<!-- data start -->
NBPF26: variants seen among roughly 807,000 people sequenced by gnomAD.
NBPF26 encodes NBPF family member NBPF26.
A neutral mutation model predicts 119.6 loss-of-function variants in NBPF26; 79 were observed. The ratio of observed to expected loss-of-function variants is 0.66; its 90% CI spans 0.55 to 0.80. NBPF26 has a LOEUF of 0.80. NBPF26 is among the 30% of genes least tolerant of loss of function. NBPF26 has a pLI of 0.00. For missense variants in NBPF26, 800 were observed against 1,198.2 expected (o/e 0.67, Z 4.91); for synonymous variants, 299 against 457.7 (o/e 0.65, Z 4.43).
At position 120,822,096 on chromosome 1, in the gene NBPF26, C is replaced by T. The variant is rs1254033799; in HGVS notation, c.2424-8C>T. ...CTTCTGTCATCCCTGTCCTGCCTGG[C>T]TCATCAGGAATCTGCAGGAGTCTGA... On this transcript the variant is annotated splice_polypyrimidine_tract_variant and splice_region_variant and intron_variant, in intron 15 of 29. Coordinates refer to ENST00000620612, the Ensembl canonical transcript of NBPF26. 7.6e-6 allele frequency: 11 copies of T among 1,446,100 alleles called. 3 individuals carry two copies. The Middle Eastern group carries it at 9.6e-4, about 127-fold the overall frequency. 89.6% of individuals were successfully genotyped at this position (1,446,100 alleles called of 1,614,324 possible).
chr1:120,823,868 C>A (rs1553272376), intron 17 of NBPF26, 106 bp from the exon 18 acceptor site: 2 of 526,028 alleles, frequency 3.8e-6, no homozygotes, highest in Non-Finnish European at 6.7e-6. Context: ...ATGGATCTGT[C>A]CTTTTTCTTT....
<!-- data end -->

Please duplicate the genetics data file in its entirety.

NBPF26: variants seen among roughly 807,000 people sequenced by gnomAD.
NBPF26 encodes NBPF family member NBPF26.
A neutral mutation model predicts 119.6 loss-of-function variants in NBPF26; 79 were observed. The ratio of observed to expected loss-of-function variants is 0.66; its 90% CI spans 0.55 to 0.80. NBPF26 has a LOEUF of 0.80. NBPF26 is among the 30% of genes least tolerant of loss of function. NBPF26 has a pLI of 0.00. For missense variants in NBPF26, 800 were observed against 1,198.2 expected (o/e 0.67, Z 4.91); for synonymous variants, 299 against 457.7 (o/e 0.65, Z 4.43).
At position 120,822,096 on chromosome 1, in the gene NBPF26, C is replaced by T. The variant is rs1254033799; in HGVS notation, c.2424-8C>T. ...CTTCTGTCATCCCTGTCCTGCCTGG[C>T]TCATCAGGAATCTGCAGGAGTCTGA... On this transcript the variant is annotated splice_polypyrimidine_tract_variant and splice_region_variant and intron_variant, in intron 15 of 29. Coordinates refer to ENST00000620612, the Ensembl canonical transcript of NBPF26. 7.6e-6 allele frequency: 11 copies of T among 1,446,100 alleles called. 3 individuals carry two copies. The Middle Eastern group carries it at 9.6e-4, about 127-fold the overall frequency. 89.6% of individuals were successfully genotyped at this position (1,446,100 alleles called of 1,614,324 possible).
chr1:120,823,868 C>A (rs1553272376), intron 17 of NBPF26, 106 bp from the exon 18 acceptor site: 2 of 526,028 alleles, frequency 3.8e-6, no homozygotes, highest in Non-Finnish European at 6.7e-6. Context: ...ATGGATCTGT[C>A]CTTTTTCTTT....